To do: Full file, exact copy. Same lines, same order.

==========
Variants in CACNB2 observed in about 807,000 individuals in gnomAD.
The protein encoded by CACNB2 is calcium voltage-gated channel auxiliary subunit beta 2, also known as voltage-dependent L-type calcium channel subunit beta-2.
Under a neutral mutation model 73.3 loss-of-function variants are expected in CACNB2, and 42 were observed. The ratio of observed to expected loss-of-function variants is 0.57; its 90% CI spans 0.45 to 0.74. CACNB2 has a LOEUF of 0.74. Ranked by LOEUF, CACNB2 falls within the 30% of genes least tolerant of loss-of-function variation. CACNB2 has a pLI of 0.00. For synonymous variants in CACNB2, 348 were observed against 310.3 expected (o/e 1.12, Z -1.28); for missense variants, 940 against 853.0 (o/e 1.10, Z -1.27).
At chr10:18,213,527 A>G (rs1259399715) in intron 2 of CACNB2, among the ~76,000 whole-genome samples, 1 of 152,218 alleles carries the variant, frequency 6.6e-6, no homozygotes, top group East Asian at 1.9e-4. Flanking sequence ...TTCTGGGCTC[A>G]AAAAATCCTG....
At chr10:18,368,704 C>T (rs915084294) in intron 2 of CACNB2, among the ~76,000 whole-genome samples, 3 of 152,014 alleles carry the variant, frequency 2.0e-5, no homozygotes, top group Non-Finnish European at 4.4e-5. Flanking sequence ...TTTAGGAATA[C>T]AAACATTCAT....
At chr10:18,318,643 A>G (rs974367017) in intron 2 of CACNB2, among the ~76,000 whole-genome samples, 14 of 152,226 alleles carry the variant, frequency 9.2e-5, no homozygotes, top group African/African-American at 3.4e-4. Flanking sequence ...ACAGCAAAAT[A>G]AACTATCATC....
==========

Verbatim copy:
Variants in CACNB2 observed in about 807,000 individuals in gnomAD.
The protein encoded by CACNB2 is calcium voltage-gated channel auxiliary subunit beta 2, also known as voltage-dependent L-type calcium channel subunit beta-2.
Under a neutral mutation model 73.3 loss-of-function variants are expected in CACNB2, and 42 were observed. The ratio of observed to expected loss-of-function variants is 0.57; its 90% CI spans 0.45 to 0.74. CACNB2 has a LOEUF of 0.74. Ranked by LOEUF, CACNB2 falls within the 30% of genes least tolerant of loss-of-function variation. CACNB2 has a pLI of 0.00. For synonymous variants in CACNB2, 348 were observed against 310.3 expected (o/e 1.12, Z -1.28); for missense variants, 940 against 853.0 (o/e 1.10, Z -1.27).
At chr10:18,213,527 A>G (rs1259399715) in intron 2 of CACNB2, among the ~76,000 whole-genome samples, 1 of 152,218 alleles carries the variant, frequency 6.6e-6, no homozygotes, top group East Asian at 1.9e-4. Flanking sequence ...TTCTGGGCTC[A>G]AAAAATCCTG....
At chr10:18,368,704 C>T (rs915084294) in intron 2 of CACNB2, among the ~76,000 whole-genome samples, 3 of 152,014 alleles carry the variant, frequency 2.0e-5, no homozygotes, top group Non-Finnish European at 4.4e-5. Flanking sequence ...TTTAGGAATA[C>T]AAACATTCAT....
At chr10:18,318,643 A>G (rs974367017) in intron 2 of CACNB2, among the ~76,000 whole-genome samples, 14 of 152,226 alleles carry the variant, frequency 9.2e-5, no homozygotes, top group African/African-American at 3.4e-4. Flanking sequence ...ACAGCAAAAT[A>G]AACTATCATC....